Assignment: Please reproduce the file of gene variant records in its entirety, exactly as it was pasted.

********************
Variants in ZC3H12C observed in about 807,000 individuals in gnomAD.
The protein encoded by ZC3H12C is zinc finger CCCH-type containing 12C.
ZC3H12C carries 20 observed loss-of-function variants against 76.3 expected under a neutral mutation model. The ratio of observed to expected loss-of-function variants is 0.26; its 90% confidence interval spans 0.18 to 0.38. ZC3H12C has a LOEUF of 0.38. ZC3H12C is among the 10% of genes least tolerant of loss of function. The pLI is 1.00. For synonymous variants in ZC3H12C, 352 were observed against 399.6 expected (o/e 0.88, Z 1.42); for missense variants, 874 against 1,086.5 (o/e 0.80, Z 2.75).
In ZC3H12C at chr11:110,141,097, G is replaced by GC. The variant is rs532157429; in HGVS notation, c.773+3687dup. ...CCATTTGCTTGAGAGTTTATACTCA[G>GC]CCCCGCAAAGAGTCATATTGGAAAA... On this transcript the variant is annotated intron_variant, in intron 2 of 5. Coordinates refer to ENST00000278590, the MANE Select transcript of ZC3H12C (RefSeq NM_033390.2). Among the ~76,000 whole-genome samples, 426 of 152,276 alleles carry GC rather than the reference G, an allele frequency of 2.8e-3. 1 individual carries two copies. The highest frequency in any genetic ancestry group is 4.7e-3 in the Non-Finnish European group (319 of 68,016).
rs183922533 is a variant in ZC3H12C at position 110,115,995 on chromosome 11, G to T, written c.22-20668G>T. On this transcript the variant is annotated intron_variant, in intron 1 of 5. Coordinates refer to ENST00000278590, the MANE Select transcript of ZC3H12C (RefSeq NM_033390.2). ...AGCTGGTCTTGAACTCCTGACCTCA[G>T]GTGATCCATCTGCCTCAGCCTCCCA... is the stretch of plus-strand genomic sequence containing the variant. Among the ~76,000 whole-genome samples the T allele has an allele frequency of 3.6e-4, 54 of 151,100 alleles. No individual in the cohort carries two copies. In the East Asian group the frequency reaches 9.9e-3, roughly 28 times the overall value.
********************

Variants in ZC3H12C observed in about 807,000 individuals in gnomAD.
The protein encoded by ZC3H12C is zinc finger CCCH-type containing 12C.
ZC3H12C carries 20 observed loss-of-function variants against 76.3 expected under a neutral mutation model. The ratio of observed to expected loss-of-function variants is 0.26; its 90% confidence interval spans 0.18 to 0.38. ZC3H12C has a LOEUF of 0.38. ZC3H12C is among the 10% of genes least tolerant of loss of function. The pLI is 1.00. For synonymous variants in ZC3H12C, 352 were observed against 399.6 expected (o/e 0.88, Z 1.42); for missense variants, 874 against 1,086.5 (o/e 0.80, Z 2.75).
In ZC3H12C at chr11:110,141,097, G is replaced by GC. The variant is rs532157429; in HGVS notation, c.773+3687dup. ...CCATTTGCTTGAGAGTTTATACTCA[G>GC]CCCCGCAAAGAGTCATATTGGAAAA... On this transcript the variant is annotated intron_variant, in intron 2 of 5. Coordinates refer to ENST00000278590, the MANE Select transcript of ZC3H12C (RefSeq NM_033390.2). Among the ~76,000 whole-genome samples, 426 of 152,276 alleles carry GC rather than the reference G, an allele frequency of 2.8e-3. 1 individual carries two copies. The highest frequency in any genetic ancestry group is 4.7e-3 in the Non-Finnish European group (319 of 68,016).
rs183922533 is a variant in ZC3H12C at position 110,115,995 on chromosome 11, G to T, written c.22-20668G>T. On this transcript the variant is annotated intron_variant, in intron 1 of 5. Coordinates refer to ENST00000278590, the MANE Select transcript of ZC3H12C (RefSeq NM_033390.2). ...AGCTGGTCTTGAACTCCTGACCTCA[G>T]GTGATCCATCTGCCTCAGCCTCCCA... is the stretch of plus-strand genomic sequence containing the variant. Among the ~76,000 whole-genome samples the T allele has an allele frequency of 3.6e-4, 54 of 151,100 alleles. No individual in the cohort carries two copies. In the East Asian group the frequency reaches 9.9e-3, roughly 28 times the overall value.